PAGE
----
A step forward
February 18, 2003
The National Assembly will be convened tomorrow on the initiative of the main opposition party after a boycott by that party of almost one year. It could be a major step forward depending on what takes place.
Several issues have been raised by the leader of the People’s National Congress (PNCR), Mr. Robert Corbin, in his letter last week to the Speaker of the National Assembly, Ralph Ramkarran S.C., which he seeks to debate in a motion. These include the electricity crisis, the establishment of the parliamentary management committee and the implementation of the other agreed constitutional reforms, and the implementation of all decisions made in the Hoyte/Jagdeo dialogue process. He also seeks to move the assembly to establish a select committee to mount a public enquiry into the functioning of the police force, and to set up an emergency fund and rescue programme, managed with the involvement of the opposition parties, to address the plight of the unemployed and particularly the unemployed youth in many villages. Finally, the motion calls for the government to end its opposition to arbitration as a means of settling disputes in the public sector and to engage the public service in proper wages and salaries negotiations.
The Standing Orders of the National Assembly give private members’ business precedence on Wednesdays and allow the Assembly to be convened during an adjournment if the Speaker is told by the government that the public interest so requires or is himself of that opinion. Standing Order 23(2) provides for a 14-day period before a Private Member’s motion is placed on the Order Paper but this time-requirement can be overcome if the Standing Orders are suspended to allow the debate on the motion. The government’s reaction to Mr. Corbin’s letter has been positive and so the stage seems set for the debate to commence. This is a very wide-ranging motion and many of these issues require some level of discussion to see if a compromise can be reached. One suspects, therefore, that if the Standing Orders are suspended and the Speaker allows the debate on the motion to begin immediately, after a few speakers on both sides have had their say on the various issues the Speaker will adjourn the debate for a short period, perhaps to next week Wednesday, to provide the parties with the opportunity to discuss the issues involved.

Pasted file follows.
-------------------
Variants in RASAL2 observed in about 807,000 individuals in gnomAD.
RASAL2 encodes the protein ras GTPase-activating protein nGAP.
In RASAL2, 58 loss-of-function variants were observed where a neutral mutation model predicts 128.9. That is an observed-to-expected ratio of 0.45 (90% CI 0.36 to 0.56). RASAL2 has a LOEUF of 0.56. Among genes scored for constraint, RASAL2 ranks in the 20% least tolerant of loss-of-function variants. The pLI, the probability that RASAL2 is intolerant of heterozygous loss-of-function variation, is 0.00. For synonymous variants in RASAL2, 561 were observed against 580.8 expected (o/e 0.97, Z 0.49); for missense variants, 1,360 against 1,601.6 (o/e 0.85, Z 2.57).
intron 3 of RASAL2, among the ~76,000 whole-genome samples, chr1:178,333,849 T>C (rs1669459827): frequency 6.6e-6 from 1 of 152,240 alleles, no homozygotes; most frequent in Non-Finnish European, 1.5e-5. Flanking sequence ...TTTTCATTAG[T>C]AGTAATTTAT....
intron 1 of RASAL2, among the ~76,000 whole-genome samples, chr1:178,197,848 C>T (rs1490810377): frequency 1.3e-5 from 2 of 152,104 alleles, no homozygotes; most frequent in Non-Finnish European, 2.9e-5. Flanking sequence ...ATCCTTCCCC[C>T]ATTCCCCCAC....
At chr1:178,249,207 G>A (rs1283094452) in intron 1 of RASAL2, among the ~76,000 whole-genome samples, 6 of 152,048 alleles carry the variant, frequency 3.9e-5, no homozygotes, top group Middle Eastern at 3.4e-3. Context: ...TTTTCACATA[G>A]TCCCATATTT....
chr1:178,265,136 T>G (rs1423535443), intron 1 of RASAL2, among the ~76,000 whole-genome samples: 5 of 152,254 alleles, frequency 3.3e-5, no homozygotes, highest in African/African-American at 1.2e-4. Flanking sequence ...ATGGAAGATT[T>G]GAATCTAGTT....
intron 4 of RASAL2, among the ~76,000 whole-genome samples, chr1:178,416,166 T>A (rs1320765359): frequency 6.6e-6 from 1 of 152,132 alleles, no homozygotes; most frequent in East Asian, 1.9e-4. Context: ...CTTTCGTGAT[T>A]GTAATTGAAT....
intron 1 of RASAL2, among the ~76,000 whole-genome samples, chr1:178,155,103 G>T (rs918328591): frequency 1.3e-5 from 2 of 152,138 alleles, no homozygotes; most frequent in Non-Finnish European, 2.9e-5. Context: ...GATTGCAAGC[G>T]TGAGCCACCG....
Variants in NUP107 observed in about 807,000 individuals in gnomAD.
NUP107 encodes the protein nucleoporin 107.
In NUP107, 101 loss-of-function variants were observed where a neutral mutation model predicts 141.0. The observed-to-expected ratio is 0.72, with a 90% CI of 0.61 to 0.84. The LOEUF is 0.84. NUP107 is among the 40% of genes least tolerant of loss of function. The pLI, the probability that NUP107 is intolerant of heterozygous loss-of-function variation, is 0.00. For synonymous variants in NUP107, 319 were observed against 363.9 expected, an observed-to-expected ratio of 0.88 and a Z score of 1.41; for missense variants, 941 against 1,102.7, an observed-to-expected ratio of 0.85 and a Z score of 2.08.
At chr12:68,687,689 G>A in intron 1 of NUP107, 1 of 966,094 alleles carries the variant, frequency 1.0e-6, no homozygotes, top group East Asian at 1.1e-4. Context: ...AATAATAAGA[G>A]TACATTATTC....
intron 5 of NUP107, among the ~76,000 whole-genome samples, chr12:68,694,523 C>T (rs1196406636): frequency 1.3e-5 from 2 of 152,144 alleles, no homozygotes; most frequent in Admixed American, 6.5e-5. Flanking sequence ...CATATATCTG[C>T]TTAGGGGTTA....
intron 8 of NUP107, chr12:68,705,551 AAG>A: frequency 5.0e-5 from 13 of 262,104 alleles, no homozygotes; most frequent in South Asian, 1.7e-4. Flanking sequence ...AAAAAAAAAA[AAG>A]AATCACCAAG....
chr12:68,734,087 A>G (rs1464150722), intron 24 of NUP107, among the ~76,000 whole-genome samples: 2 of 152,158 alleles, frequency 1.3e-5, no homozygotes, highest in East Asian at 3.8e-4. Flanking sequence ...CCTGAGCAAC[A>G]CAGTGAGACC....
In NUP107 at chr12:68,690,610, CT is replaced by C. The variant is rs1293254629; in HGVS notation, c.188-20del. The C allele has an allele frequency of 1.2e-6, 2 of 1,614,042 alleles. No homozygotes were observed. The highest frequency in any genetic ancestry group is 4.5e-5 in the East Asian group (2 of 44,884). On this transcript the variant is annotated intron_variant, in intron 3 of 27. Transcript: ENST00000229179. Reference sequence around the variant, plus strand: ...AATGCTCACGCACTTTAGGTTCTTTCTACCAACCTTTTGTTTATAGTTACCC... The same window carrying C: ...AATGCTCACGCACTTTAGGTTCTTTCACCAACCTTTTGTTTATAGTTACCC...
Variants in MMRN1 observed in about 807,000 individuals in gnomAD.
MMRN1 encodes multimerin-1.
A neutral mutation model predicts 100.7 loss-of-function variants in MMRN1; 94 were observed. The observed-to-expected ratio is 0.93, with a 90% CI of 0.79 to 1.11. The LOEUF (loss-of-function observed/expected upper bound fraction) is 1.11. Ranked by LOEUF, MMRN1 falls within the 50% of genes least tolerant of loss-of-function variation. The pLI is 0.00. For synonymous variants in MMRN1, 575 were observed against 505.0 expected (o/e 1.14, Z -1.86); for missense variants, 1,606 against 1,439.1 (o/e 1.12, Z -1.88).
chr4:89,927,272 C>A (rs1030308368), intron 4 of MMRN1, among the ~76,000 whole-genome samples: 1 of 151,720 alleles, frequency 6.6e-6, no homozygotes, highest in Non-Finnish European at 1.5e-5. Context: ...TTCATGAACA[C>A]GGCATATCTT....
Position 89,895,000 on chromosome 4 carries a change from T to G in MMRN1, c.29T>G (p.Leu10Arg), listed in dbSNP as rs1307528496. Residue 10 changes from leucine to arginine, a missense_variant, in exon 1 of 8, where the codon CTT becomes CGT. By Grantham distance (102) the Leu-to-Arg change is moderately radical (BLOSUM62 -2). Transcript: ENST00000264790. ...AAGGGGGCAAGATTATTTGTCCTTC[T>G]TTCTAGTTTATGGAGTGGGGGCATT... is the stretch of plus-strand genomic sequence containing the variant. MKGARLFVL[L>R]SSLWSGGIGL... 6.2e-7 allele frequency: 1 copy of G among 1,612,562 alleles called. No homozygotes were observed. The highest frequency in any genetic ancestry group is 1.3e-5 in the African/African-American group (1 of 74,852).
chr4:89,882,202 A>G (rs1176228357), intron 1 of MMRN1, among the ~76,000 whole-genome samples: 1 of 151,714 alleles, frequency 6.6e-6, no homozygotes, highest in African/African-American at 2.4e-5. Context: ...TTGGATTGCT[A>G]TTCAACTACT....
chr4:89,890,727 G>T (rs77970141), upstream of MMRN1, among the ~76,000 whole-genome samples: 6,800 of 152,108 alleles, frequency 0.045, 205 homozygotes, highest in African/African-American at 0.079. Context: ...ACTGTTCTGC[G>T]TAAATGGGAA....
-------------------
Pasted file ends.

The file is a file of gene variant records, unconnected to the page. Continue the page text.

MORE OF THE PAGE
As regards the composition of the various parliamentary committees, one must hope that a compromise formula can be found after the long delay. If that is achieved, these new features have the capacity to rejuvenate parliament and to make it a more effective instrument in the search for inclusive governance by involving opposition members both in the management of the business of parliament and in holding hearings on proposed legislation and other matters.
Several of the other issues in the motion provide an opportunity for creative responses. For example, in keeping with the President’s own recent proposals that the opposition appoint shadow cabinet ministers who could liaise with their government counterparts, the opposition could appoint such ‘shadow’ ministers to deal with the relevant ministers on the electricity issue, the setting up of an emergency fund and the labour question. Those ‘shadow’ ministers could be fully briefed and could also make suggestions and inputs.
What we have here at the very least is evidence of a willingness by the PNC/R to re-enter the normal political process and restore some level of normality. The government’s initial reaction has been positive and with goodwill on both sides this could be the beginning of a process that could give citizens some hope again after the dreadful times they have endured for so long.